In the heart of the Sulu Sea, Philippines, at the geographic center of world marine biodiversity, lies an underwater nature reserve that is considered both a mecca for scuba divers and model for coral reef conservation.

The Tubbataha Reefs Natural Park is a 97,030-hectare marine protected area (MPA) in the province of Palawan. It is located 150km southeast of Puerto Princesa City. The Park is composed of two coral atolls – the North and the South Atoll – and the Jessie Beazley Reef, a smaller coral structure about 20 kilometres north of the atolls.

The reefs of Tubbataha and Jessie Beazley are considered part of Cagayancillo, a remote island municipality roughly 130 kilometers to the northeast, inhabited mainly by fisherfolk.

Charting the Tubbataha Reefs

 

It appears from historical records that Spanish ship captain Antonio Faveau y Quesada, through an expedition in 1752-1753, was the first European explorer to “discover”, name and chart Tubbataha Reefs.  Alexander Dalrymple (1737-1808), the Hydrographer of the British East India Company and the first Hydrographer of the British Admiralty pursued the work, relying in part on indigenous navigators in making his charts.

 It was from his records that we learn of the meaning of Tubbataha.  He records that a 90-year old ‘pilot’ told him that the Samal words, tuba and taha means “a long reef exposed at low tide“. Maps during that era showed: “Toob Bataha part dry at low water”, with “Rocks as large as Boats”.

Tubbataha lies within the island municipality of Cagayancillo, which today is in the province of Palawan. But until the mid-19th century Cagayancillo was a pueblo (municipality after 1810) in the province of Antique (previously the Malay sakup of Hantik), on the west side of the island of Panay.

In 1858 Tubbataha became part of the newly-created province of Balabac, which was subsequently merged with the new province of Puerto Princesa to form the province of Paragua (renamed Palawan in 1903). (All the above information is from the Philippine Map Collectors Society, courtesy of Peter Gedart).

 

History of Exploitation and Protection

 

However, the people more tightly bound to Tubbataha are the Cagayanons, inhabitants of the neighboring islands of Cagayancillo. Traditionally, during the summer months when the sea was calm, they would sail in their native “pangko”, to visit the abundant fishing grounds of Tubbataha, which they called “Gusong” or “reef”.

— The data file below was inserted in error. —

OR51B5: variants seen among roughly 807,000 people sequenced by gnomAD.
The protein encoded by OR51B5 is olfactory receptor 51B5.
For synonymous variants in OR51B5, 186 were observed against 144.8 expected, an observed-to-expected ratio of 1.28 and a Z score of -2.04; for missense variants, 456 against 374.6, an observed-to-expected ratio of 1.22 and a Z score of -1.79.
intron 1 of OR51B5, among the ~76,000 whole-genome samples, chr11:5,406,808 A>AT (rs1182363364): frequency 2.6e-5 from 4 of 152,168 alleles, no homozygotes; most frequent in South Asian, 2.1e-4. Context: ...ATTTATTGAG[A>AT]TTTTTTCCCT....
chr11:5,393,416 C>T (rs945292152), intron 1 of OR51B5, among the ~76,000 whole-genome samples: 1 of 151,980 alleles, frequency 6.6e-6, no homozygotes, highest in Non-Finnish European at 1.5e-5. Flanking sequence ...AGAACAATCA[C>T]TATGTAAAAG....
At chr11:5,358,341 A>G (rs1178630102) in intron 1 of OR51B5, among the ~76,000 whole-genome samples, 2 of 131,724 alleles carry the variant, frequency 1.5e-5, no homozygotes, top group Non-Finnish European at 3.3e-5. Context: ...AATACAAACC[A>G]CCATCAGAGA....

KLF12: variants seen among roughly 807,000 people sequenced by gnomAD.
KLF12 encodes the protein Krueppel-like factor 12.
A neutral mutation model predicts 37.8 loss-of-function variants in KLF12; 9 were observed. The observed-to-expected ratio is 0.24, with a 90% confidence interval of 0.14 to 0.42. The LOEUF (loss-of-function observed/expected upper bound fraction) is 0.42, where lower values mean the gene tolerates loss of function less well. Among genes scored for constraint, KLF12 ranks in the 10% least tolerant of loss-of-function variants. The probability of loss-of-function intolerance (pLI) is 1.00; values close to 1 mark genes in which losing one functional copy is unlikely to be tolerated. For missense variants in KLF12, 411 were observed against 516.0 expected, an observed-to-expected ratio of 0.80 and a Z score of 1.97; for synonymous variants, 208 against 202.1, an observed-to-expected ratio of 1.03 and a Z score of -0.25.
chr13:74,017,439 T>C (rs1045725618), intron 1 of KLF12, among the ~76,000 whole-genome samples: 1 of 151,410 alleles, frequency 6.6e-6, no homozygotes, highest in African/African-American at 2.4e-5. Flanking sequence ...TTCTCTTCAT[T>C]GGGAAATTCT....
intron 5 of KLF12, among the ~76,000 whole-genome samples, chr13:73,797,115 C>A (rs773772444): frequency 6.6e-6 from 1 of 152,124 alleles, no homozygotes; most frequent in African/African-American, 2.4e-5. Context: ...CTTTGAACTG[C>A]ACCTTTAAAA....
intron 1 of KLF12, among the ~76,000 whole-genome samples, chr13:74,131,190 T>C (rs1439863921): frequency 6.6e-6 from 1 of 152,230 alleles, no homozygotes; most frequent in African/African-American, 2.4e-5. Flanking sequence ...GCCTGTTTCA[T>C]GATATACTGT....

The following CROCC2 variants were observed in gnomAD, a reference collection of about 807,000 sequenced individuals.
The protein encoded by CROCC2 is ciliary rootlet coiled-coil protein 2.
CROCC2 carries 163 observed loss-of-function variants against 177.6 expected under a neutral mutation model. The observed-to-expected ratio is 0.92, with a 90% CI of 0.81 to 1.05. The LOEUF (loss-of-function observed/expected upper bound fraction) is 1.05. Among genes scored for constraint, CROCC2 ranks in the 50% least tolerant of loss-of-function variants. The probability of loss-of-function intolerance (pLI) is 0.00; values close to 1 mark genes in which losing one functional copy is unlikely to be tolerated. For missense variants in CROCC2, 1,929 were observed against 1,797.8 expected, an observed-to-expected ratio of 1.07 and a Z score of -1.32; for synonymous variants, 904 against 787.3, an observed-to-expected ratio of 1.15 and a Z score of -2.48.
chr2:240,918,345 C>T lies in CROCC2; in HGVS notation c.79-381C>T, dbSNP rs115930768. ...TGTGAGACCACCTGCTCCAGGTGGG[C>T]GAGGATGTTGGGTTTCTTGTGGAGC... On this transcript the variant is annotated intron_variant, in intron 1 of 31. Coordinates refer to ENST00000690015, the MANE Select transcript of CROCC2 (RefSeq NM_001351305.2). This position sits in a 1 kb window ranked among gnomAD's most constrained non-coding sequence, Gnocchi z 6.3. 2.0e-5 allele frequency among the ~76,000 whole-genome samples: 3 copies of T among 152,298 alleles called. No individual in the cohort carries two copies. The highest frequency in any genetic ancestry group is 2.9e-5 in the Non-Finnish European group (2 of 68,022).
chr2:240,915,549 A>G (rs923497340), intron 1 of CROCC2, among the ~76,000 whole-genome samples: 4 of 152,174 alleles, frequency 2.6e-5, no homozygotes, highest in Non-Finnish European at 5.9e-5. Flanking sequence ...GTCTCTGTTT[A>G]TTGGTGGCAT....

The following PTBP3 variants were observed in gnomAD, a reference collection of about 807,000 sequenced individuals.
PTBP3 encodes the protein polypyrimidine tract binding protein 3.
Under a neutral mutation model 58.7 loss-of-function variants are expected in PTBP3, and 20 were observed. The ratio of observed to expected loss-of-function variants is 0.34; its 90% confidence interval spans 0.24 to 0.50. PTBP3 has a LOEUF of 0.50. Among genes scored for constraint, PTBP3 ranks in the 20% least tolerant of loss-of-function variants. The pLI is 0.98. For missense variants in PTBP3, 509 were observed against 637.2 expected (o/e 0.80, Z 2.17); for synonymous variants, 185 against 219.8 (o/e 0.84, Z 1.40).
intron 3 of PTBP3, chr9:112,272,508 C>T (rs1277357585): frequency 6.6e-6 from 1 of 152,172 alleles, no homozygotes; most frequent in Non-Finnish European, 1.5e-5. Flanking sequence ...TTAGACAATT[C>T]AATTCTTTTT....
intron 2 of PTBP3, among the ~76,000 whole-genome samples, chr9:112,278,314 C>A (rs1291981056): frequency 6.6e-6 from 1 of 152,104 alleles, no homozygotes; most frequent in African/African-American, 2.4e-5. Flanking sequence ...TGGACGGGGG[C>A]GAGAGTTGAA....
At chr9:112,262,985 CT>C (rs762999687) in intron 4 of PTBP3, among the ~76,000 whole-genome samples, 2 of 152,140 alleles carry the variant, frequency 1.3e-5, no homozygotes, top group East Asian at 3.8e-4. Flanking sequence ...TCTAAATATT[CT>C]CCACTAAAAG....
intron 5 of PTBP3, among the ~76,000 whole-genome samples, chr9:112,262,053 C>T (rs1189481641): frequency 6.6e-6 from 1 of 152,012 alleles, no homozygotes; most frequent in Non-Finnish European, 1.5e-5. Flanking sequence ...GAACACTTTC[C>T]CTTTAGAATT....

Tubbataha’s isolation was its best protection against over-exploitation; the reefs are far from habitable land – although there are two islets in Tubbataha, they have no source of fresh water. They are also exposed to the tropical storms associated with the northeast monsoon from November to March and the southwest monsoon between July and October.

However, by the 1980s, increasing numbers of Filipino fishermen had motorized bangkas, reaching Tubbataha faster. Around this time, fish stocks in more accessible areas were rapidly declining due to over-fishing.  The rich waters of Tubbataha soon became the most lucrative fishing destination.  Fishers using destructive techniques, such as cyanide and dynamite fishing to maximize catch exploited the Park.

Alarmed at the rapid degradation of the reefs, the scuba diving community campaigned for it protection. In 1988, with the endorsement of the Provincial Government of Palawan, then President Corazon Aquino declared Tubbataha as a no-take national marine park – the first of its kind in the country.

 

Republic Act 10067

 

RA 10067, otherwise known as the TRNP Act of 2009, was enacted on 06 April 2010.  It established Tubbataha as a natural park under the National Integrated Protected Area System (NIPAS) Act (R.A.7586) and the Strategic Environmental Plan (SEP) for Palawan Act (R.A. 7600).  It provides the main legal framework for the management of Tubbataha with other relevant laws, such as the NIPAS and SEP Acts, the Fisheries Code and Wildlife Act, supplementing the TRNP Act.